Flipping the Script
As the College of Pharmacy sets a course for the future, it looks to students to help lead the way
Summer at Ohio Northern University is a quiet time. Without the full contingent of students on campus, faculty and staff can relax a little bit and recharge batteries depleted the previous year. It also is a time for departments to prepare for the upcoming term, or in the Raabe College of Pharmacy’s case, the next 20.
The 2013-14 academic year in pharmacy was highlighted by a successful national search for the college’s 15th dean. In March, ONU appointed Dr. Steven J. Martin to lead the college and its nearly 1,000 students into a rapidly changing health care world. So this past summer, as the rest of the University reset itself for 2014-15, Martin rebooted the College of Pharmacy with comprehensive strategic planning.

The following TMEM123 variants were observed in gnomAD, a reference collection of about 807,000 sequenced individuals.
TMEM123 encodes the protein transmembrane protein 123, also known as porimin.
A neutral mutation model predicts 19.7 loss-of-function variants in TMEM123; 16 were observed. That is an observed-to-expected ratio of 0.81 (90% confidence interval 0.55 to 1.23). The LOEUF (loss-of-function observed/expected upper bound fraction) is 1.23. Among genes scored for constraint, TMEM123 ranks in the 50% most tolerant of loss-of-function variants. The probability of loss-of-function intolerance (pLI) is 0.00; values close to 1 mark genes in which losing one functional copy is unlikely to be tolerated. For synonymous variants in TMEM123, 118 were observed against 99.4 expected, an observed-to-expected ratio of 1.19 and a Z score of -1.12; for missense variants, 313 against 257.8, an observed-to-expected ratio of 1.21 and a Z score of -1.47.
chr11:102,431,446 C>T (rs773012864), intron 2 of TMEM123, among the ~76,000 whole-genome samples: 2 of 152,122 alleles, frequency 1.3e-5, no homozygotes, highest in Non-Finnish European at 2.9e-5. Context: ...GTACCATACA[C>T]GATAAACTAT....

“The profession of pharmacy is uniquely suited to help meet the needs of our society during this dynamic time” says Martin. “By thinking strategically and thoughtfully now, we’ll prepare our graduates for the health care needs in 2020 and beyond.”
Before any planning could occur, Martin knew he needed to learn about the college’s strengths, weaknesses and areas of opportunity. He wanted data to help inform hiring decisions, resource needs, and marketing and recruitment for the college over the next seven to 10 years. In July, he surveyed more than 200 stakeholders for the college, including alumni, faculty, staff, University faculty and administration, corporate and professional partners, and, perhaps most importantly, students.
“Our new dean is really big on having students involved, and with students being such a huge stakeholder, we were glad that he asked us what we want to identify ourselves as,” says Adam Smith, a fifth-year pharmacy student and president of the Pharmacy Council.